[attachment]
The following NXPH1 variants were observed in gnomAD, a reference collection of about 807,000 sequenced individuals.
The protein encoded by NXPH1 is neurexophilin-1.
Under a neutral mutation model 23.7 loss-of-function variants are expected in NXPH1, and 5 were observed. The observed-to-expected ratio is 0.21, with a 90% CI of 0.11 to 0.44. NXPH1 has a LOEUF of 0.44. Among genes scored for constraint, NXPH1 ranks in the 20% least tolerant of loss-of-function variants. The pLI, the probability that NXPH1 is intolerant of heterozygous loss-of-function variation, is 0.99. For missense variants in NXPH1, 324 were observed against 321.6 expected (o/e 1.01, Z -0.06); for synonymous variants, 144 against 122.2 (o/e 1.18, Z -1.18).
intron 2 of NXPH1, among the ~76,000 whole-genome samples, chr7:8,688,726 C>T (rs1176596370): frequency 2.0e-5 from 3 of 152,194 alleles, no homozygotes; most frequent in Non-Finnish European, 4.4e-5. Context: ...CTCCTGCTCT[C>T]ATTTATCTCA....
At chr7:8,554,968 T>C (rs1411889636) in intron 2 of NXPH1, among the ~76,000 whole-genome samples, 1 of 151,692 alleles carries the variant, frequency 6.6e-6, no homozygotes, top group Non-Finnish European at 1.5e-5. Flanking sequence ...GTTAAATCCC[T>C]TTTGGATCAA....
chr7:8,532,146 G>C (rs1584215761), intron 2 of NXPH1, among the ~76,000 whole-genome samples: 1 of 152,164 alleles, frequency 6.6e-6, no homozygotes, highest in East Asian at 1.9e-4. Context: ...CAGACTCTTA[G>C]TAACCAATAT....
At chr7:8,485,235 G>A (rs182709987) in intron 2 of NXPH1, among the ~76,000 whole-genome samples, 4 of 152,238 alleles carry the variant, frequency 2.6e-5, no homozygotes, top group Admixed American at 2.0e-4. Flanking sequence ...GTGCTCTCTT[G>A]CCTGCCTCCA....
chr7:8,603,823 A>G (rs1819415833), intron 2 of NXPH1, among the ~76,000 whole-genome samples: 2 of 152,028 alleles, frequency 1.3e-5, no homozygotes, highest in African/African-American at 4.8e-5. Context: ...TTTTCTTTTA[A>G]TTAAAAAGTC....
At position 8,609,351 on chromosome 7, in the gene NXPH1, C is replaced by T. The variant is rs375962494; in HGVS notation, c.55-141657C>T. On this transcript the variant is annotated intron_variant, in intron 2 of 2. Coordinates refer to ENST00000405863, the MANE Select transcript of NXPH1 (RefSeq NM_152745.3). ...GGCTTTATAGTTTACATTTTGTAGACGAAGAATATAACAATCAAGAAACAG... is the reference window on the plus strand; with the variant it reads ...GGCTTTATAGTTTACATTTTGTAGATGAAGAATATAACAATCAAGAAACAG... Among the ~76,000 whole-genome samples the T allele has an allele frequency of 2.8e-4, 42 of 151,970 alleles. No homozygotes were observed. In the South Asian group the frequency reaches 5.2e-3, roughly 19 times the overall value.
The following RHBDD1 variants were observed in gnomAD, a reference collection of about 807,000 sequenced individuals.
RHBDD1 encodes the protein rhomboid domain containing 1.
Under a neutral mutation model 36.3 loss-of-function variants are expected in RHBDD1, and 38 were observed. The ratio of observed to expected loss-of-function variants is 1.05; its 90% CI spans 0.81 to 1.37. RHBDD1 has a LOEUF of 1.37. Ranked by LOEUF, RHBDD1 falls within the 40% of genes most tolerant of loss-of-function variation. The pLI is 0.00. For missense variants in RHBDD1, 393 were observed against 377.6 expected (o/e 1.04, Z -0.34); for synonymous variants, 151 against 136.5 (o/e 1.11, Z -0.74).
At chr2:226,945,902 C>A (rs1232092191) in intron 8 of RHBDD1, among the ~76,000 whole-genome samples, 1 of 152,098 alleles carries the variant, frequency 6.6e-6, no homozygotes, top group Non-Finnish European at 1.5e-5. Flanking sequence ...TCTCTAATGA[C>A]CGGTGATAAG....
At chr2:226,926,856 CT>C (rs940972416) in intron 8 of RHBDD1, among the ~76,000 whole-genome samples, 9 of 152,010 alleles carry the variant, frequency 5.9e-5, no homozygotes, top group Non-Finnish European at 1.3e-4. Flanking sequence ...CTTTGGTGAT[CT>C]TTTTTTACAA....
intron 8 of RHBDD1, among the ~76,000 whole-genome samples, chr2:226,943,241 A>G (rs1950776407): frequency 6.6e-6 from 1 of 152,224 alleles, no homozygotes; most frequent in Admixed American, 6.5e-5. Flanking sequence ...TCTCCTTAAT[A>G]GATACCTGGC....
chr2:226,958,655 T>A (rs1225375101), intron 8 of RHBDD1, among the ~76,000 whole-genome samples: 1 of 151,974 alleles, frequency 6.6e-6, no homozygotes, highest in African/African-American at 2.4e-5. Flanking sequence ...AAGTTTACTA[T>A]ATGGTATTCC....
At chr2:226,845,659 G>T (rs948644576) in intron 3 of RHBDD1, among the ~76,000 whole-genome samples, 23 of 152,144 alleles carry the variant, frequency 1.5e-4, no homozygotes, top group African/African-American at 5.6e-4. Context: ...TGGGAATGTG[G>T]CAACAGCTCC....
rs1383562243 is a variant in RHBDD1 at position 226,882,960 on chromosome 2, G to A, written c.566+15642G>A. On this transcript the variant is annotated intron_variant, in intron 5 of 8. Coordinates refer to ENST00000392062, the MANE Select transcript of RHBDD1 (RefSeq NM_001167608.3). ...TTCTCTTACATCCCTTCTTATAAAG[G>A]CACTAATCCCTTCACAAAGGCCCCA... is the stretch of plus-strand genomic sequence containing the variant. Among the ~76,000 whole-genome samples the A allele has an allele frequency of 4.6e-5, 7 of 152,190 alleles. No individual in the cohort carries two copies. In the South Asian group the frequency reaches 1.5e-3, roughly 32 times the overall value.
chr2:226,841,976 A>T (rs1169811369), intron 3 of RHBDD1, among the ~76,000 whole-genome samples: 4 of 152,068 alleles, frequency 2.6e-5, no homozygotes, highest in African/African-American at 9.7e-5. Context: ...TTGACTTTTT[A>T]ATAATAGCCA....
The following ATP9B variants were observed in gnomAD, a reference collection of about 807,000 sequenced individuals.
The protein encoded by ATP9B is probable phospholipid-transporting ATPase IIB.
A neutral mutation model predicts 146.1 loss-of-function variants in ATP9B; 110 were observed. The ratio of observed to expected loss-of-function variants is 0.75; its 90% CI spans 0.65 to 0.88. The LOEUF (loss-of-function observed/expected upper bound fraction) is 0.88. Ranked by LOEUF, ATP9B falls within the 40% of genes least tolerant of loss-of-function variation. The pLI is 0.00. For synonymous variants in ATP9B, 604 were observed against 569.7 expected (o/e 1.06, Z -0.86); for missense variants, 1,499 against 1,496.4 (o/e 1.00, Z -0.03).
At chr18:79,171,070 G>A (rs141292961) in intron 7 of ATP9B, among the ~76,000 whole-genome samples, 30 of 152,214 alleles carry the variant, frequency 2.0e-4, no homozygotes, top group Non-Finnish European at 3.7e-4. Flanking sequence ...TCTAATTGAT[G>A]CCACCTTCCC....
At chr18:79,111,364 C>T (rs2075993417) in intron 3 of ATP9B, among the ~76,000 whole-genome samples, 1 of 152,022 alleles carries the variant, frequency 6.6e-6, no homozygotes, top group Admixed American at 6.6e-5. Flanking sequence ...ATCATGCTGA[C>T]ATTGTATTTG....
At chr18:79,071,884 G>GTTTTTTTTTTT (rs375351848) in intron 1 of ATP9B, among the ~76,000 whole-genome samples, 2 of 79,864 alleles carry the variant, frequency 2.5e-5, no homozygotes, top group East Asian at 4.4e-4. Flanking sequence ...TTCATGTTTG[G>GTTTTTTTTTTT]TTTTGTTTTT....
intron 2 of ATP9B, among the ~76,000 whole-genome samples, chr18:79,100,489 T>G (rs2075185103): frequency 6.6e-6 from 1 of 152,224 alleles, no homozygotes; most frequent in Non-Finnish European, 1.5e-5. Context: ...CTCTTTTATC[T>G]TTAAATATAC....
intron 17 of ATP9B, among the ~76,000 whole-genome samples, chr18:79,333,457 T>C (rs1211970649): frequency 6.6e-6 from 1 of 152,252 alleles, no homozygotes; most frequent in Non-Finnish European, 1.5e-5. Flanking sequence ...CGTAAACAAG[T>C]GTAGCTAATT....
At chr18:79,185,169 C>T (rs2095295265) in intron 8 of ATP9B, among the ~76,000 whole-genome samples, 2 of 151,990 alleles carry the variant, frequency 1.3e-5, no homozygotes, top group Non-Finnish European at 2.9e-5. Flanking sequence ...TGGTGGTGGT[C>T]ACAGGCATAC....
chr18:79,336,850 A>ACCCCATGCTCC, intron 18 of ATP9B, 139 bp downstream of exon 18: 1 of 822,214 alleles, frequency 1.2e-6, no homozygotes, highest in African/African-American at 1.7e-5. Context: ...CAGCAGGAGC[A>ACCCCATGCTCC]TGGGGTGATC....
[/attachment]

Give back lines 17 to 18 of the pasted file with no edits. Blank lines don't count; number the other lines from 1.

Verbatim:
At chr2:226,845,659 G>T (rs948644576) in intron 3 of RHBDD1, among the ~76,000 whole-genome samples, 23 of 152,144 alleles carry the variant, frequency 1.5e-4, no homozygotes, top group African/African-American at 5.6e-4. Context: ...TGGGAATGTG[G>T]CAACAGCTCC....
rs1383562243 is a variant in RHBDD1 at position 226,882,960 on chromosome 2, G to A, written c.566+15642G>A. On this transcript the variant is annotated intron_variant, in intron 5 of 8. Coordinates refer to ENST00000392062, the MANE Select transcript of RHBDD1 (RefSeq NM_001167608.3). ...TTCTCTTACATCCCTTCTTATAAAG[G>A]CACTAATCCCTTCACAAAGGCCCCA... is the stretch of plus-strand genomic sequence containing the variant. Among the ~76,000 whole-genome samples the A allele has an allele frequency of 4.6e-5, 7 of 152,190 alleles. No individual in the cohort carries two copies. In the South Asian group the frequency reaches 1.5e-3, roughly 32 times the overall value.